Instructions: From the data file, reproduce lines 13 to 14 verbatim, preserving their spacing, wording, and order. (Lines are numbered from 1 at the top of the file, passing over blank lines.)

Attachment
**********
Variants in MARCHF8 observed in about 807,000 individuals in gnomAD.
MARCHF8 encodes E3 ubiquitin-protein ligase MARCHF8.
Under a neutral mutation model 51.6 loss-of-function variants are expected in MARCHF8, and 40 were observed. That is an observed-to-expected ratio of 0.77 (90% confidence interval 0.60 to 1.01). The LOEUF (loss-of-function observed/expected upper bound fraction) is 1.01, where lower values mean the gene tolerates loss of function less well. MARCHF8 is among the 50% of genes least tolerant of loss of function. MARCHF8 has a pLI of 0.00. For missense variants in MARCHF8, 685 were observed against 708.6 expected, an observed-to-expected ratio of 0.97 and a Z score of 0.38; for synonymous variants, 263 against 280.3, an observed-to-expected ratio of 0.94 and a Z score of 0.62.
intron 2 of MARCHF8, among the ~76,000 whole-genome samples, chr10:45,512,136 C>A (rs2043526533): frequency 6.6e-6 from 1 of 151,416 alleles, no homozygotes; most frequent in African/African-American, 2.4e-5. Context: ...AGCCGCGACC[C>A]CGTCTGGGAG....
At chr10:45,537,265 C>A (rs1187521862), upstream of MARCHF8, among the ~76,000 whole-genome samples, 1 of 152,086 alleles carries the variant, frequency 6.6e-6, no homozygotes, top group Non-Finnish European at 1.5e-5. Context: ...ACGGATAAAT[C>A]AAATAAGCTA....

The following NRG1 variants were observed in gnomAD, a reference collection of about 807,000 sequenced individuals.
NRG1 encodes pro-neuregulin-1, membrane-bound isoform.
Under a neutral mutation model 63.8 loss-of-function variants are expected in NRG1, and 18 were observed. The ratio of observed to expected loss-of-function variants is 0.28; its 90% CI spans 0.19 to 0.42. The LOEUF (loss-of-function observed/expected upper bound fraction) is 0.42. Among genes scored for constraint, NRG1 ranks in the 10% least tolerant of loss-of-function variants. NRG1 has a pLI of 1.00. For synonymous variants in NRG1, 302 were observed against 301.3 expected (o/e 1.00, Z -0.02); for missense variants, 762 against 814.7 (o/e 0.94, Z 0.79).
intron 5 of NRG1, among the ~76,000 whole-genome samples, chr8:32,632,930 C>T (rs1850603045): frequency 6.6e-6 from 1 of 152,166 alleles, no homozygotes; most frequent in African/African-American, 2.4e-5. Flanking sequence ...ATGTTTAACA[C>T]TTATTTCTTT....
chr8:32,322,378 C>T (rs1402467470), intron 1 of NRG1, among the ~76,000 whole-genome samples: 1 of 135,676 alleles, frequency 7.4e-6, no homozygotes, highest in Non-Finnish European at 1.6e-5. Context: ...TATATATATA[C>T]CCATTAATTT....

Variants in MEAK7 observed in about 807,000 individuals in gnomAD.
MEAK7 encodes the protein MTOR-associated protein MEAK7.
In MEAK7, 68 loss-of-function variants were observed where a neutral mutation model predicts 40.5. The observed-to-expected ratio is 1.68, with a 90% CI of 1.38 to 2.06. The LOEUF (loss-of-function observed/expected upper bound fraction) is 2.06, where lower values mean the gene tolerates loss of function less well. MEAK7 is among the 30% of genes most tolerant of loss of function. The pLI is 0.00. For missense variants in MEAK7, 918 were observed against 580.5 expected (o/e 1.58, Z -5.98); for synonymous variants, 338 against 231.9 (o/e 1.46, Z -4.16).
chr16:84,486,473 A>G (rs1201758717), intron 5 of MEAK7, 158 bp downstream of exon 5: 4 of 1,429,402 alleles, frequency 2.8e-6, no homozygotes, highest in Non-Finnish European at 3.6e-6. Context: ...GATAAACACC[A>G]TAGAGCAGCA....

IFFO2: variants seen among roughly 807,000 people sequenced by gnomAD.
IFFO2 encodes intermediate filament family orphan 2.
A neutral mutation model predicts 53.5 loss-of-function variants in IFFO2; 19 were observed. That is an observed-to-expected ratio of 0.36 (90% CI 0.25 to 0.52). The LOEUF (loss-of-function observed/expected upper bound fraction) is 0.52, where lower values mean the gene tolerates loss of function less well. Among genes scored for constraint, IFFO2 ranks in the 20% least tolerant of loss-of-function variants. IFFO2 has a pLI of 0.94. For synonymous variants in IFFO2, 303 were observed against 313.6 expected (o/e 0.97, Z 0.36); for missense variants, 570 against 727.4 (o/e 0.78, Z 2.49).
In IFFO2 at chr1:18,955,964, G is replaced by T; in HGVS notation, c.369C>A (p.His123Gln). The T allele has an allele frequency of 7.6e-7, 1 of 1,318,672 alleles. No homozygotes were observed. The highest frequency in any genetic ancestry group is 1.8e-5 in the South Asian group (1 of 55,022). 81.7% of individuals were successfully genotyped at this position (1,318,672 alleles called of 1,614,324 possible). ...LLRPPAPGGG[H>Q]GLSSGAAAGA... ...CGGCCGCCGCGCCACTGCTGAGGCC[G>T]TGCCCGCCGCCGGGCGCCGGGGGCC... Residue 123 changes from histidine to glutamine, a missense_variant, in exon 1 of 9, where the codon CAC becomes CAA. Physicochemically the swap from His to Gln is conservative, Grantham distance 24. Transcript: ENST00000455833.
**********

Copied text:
In MEAK7, 68 loss-of-function variants were observed where a neutral mutation model predicts 40.5. The observed-to-expected ratio is 1.68, with a 90% CI of 1.38 to 2.06. The LOEUF (loss-of-function observed/expected upper bound fraction) is 2.06, where lower values mean the gene tolerates loss of function less well. MEAK7 is among the 30% of genes most tolerant of loss of function. The pLI is 0.00. For missense variants in MEAK7, 918 were observed against 580.5 expected (o/e 1.58, Z -5.98); for synonymous variants, 338 against 231.9 (o/e 1.46, Z -4.16).
chr16:84,486,473 A>G (rs1201758717), intron 5 of MEAK7, 158 bp downstream of exon 5: 4 of 1,429,402 alleles, frequency 2.8e-6, no homozygotes, highest in Non-Finnish European at 3.6e-6. Context: ...GATAAACACC[A>G]TAGAGCAGCA....